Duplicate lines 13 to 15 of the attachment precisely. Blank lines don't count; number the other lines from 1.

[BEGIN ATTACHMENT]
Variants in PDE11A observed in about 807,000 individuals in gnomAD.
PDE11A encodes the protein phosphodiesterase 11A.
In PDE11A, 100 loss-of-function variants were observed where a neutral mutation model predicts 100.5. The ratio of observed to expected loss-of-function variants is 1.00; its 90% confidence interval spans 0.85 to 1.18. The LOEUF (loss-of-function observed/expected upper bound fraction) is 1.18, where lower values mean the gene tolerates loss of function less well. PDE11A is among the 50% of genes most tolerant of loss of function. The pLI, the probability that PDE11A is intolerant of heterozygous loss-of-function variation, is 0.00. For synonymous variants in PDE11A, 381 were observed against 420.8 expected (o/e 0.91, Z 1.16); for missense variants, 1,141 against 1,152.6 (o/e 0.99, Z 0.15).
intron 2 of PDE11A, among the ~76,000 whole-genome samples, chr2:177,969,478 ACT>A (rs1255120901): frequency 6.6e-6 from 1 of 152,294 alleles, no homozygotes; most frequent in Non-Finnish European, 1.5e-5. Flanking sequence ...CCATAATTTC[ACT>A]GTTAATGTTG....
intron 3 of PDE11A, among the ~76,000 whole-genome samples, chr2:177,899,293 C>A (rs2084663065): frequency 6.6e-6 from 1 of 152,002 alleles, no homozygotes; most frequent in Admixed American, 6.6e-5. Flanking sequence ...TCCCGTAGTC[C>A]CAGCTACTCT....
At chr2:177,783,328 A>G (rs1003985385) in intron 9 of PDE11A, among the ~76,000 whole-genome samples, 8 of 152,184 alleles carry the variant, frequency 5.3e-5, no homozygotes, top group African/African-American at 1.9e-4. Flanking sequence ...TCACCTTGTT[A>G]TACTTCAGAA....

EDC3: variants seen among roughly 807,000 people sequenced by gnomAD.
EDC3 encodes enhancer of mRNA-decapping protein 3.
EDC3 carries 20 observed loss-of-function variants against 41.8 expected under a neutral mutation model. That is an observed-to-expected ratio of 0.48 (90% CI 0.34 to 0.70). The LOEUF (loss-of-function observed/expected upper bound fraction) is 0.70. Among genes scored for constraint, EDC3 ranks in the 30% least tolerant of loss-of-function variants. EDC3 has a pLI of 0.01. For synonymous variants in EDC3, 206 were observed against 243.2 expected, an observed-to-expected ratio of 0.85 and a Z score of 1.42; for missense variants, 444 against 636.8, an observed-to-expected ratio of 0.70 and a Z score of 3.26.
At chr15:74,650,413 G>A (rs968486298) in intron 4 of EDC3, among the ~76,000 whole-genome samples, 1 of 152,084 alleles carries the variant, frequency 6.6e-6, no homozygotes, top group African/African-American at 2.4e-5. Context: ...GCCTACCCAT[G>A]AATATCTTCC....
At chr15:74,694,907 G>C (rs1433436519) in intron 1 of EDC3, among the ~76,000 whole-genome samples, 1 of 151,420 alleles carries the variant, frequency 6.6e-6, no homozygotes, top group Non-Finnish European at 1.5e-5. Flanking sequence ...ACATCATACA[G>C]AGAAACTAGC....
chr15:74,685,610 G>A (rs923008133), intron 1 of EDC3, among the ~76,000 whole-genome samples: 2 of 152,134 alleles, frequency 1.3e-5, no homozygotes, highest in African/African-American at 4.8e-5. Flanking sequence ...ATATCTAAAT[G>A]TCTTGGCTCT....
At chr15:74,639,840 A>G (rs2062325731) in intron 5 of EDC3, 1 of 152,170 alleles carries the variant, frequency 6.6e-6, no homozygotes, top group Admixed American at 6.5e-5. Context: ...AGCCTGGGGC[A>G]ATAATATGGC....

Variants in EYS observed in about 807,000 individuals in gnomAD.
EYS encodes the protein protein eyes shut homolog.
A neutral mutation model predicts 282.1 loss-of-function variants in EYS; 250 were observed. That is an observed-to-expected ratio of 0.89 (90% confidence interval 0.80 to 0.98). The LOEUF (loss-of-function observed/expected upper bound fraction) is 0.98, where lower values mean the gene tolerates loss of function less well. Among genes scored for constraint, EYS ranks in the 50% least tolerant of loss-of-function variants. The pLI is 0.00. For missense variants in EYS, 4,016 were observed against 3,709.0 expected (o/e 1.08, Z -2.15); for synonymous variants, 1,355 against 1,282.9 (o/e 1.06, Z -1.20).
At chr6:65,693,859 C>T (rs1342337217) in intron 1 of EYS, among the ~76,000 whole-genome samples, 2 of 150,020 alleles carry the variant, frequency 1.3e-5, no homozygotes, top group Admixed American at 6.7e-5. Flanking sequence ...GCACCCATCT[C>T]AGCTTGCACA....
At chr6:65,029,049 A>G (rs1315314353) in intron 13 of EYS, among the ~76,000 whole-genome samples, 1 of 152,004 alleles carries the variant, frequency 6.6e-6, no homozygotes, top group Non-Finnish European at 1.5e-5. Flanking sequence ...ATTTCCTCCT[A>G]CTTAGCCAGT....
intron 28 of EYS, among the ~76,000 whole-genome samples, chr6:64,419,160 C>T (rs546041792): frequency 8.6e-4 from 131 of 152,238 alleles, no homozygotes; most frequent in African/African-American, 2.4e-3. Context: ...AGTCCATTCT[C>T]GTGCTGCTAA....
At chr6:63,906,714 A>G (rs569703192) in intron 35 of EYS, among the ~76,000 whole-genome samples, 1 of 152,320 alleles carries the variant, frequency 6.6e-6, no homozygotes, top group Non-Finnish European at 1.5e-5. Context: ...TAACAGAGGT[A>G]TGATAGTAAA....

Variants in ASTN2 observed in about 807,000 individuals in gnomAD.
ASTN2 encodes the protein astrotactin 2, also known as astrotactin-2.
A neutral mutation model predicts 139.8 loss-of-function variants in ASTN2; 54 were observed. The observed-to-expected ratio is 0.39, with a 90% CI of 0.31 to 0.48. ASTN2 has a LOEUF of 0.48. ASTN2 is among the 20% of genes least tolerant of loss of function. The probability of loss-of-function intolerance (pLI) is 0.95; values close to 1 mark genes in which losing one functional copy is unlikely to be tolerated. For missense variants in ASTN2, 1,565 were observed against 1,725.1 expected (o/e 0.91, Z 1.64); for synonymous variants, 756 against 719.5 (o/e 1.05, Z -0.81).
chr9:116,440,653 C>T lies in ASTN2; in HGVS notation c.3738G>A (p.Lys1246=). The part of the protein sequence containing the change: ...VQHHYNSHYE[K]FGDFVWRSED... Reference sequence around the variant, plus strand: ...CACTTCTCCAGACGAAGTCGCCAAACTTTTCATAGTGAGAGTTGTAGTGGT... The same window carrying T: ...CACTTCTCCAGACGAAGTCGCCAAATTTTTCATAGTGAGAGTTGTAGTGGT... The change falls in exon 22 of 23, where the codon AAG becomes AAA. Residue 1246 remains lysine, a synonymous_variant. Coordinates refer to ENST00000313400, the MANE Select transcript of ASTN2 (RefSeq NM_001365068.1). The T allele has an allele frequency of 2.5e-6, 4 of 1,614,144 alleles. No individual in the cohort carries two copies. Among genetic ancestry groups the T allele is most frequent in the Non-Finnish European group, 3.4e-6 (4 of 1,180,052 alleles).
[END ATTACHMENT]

At chr15:74,639,840 A>G (rs2062325731) in intron 5 of EDC3, 1 of 152,170 alleles carries the variant, frequency 6.6e-6, no homozygotes, top group Admixed American at 6.5e-5. Context: ...AGCCTGGGGC[A>G]ATAATATGGC....

Variants in EYS observed in about 807,000 individuals in gnomAD.
EYS encodes the protein protein eyes shut homolog.